Long-Term Metabolic Control and Pancreatic Graft Survival According to Surgical Technique L.C.F. Tajra, J.M. Dubernard, M. Dawhara, N. Lefrancois, L. Badet, and X. Martin
HE PANCREAS transplantation programme at the Hopital Edouart Herriot was initiated in October 1976 and three different surgical techniques have been used: segmental graft with duct obstruction by neoprene injection (DO), described by our group in 1976,1 bladder drainage (BD), and enteric drainage (ED). To evaluate the long-term advantages of one technique over the others, we have retrospectively studied patients with a pancreas transplant functioning for 3 years or more. PATIENTS AND METHODS Of the 307 pancreatic transplantations realized between October 1976 and September 1998 in our center, 250 were performed before August 1994. A good pancreatic graft function for more than 3 years was observed in 102 patients (56 men and 46 women). Twenty-four grafts were lost more than 3 years after transplantation. Outcome of the remaining 78 patients (36 men and 42 women) was retrospectively studied regarding patient and graft survival, and endocrine function. Mean age of patients was 38 years (range 22 to 53). Mean duration of diabetes was 24 years (range 11 to 48). Duct obstruction was used in 42 patients, whereas 25 patients received a pancreaticoduodenal graft with bladder drainage and 11 had pancreaticoduodenal graft with enteric drainage. Protocols of immunosuppression utilized in our center have been described in detail elsewhere.2 Data between groups were compared with one-way analysis of variance (ANOVA test).
RESULTS Graft Survival
At 5 years, pancreatic graft survival was 40% for DO, 60% for BD, and 65% for ED (P ⬍ .05). Out of the 102 pancreatic grafts functioning more than 3 years, 24 lost their grafts at long term (8 at 4 years, 5 at 5 years, 2 at 6 years, 2 at 7 years, 3 at 8 years, 1 at 9 years, and 1 at 14 years). The cause of graft loss was death in 4 patients (myocardial infarction in three patients and cerebral hemorrhage in one) and arterial thrombosis in 4 patients. Sixteen were attributed to immunologic causes (rejection). Before 1987, 3-year pancreas graft survival was 50%. Since 1987, with quadruple therapy, it increased to 70%. Metabolic Evaluation
No difference was observed in fasting blood glucose and OGTT between BD and ED grafts. When total grafts were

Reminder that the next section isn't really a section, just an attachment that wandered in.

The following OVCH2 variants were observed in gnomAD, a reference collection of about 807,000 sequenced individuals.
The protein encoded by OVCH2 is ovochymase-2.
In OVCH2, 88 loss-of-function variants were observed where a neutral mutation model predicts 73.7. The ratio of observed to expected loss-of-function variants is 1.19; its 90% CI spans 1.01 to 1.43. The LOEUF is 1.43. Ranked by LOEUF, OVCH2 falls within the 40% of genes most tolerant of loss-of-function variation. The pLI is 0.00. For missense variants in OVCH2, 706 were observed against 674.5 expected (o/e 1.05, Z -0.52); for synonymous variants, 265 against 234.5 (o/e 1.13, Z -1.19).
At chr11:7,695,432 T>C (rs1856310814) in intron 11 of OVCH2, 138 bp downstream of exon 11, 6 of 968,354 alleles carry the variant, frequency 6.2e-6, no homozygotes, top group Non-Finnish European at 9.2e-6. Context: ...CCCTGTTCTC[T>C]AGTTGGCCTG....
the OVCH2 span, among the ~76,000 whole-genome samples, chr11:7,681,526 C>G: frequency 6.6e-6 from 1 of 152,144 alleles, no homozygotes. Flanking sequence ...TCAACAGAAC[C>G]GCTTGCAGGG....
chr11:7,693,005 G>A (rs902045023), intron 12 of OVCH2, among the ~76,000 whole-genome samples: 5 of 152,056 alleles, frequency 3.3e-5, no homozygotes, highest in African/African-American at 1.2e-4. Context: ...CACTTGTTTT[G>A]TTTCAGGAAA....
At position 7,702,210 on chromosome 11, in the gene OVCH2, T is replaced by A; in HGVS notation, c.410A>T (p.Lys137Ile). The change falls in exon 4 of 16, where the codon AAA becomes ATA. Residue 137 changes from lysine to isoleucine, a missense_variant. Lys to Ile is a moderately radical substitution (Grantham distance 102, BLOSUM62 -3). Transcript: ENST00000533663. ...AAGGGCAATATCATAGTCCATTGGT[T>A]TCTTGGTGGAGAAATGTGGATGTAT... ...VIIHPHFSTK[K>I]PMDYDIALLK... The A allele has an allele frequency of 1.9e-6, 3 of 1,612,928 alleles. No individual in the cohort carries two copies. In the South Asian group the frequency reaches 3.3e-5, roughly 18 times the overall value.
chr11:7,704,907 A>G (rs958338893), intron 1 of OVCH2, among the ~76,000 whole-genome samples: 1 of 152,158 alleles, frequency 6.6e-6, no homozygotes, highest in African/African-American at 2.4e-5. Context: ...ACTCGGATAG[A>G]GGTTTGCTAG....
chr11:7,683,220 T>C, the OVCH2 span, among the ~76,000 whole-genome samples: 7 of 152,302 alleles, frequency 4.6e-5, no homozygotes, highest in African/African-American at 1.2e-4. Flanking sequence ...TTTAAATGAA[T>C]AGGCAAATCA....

compared to segmental grafts, significantly higher glucose levels and lower insulin and C-peptide levels were observed in DO pancreas. These differences were progressive with time and reached their higher levels at 5 years (P ⬎ .05 at 3 years, P ⬎ .0001 at 5 years). No difference was observed, up to 9 years, in glycosylated hemoglobin between total and segmental grafts. Insulin and C-peptide secretion were significantly higher with total than in segmental graft recipients during fasting and oral tolerance tests. One patient with DO graft maintained normal blood sugar and glycosylated hemoglobin 14 years after transplantation.
Although many efforts have been made to optimize insulin therapy, only pancreaticorenal transplantation can restore diabetic patients in a condition of normoglycemia compatible with a normal life at present.3 Pancreas graft survival continues to improve with new protocols of immunosuppression. Survival rates of pancreatic grafts are now comparable to those observed in transplantation of other organs. Several studies have shown that glucose control remains normal or near normal as long as patients have a functioning graft.4,5 However, even during the first year after transplantation, segmental grafts already show a significantly less physiologic response to glucose stimulation.6 In our study, these abnormalities increased during follow-up and achieved higher levels at 5 years. The differences observed in oral glucose tolerance tests at 5 years could be due to the smaller mass of endocrine tissue transplanted with a segmental graft. Later, a stabilization in endocrine function was observed, independently of the technique used. Total duodenopancreas grafts seem to offer an optimal mass of tissue and enteric drainage is more physiologic than bladder drainage. Segmental pancreas transplantation is technically simpler, but metabolic control after
From the Department of Urology and Transplantation Surgery, Hopital Edouard Herriot, Lyon, France. Address reprint requests to Luis Carlos Feitosa Tajra, Hopital Edouard Herriot, Service d’Urologie et Transplantation, Place d’Arsonval 69437, Lyon, France.
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Transplantation Proceedings, 31, 3192–3193 (1999)
LONG-TERM METABOLIC CONTROL
stimulation is less satisfactory. Glycosylated hemoglobin was more elevated in the enteric drainage group during the first two years but later the three groups showed similar ranges. In conclusion, we believe that total duodenopancreas graft with enteric drainage is presently the best technique leading at long term to the best graft survival and to an excellent metabolic control. Although the best glucose control is achieved with pancreatico-duodenal grafts, we have observed that segmental grafts also are able to maintain normal blood sugar and glycosylated hemoglobin in patients up to 14 years.
REFERENCES 1. Dubernard JM, Trager J, Neyra P, et al: Surgery 84:633, 1978 2. Dawahra M, Cloix P, Martin X, et al: Transplant Proc 25:827, 1993 3. Sutherland DER, Dunn DL, Goetz FC, et al: Ann Surg 210:274, 1989 4. Brattstrom C, Tibell A, Tyden G, et al: Transplant Proc 26:414, 1994 5. Sutherland DER, Gruessner A: Transplant Proc 27:2977, 1995 6. Souza Castelo A, Lefrancois N, Martin X: Transplant Proc 24:839, 1992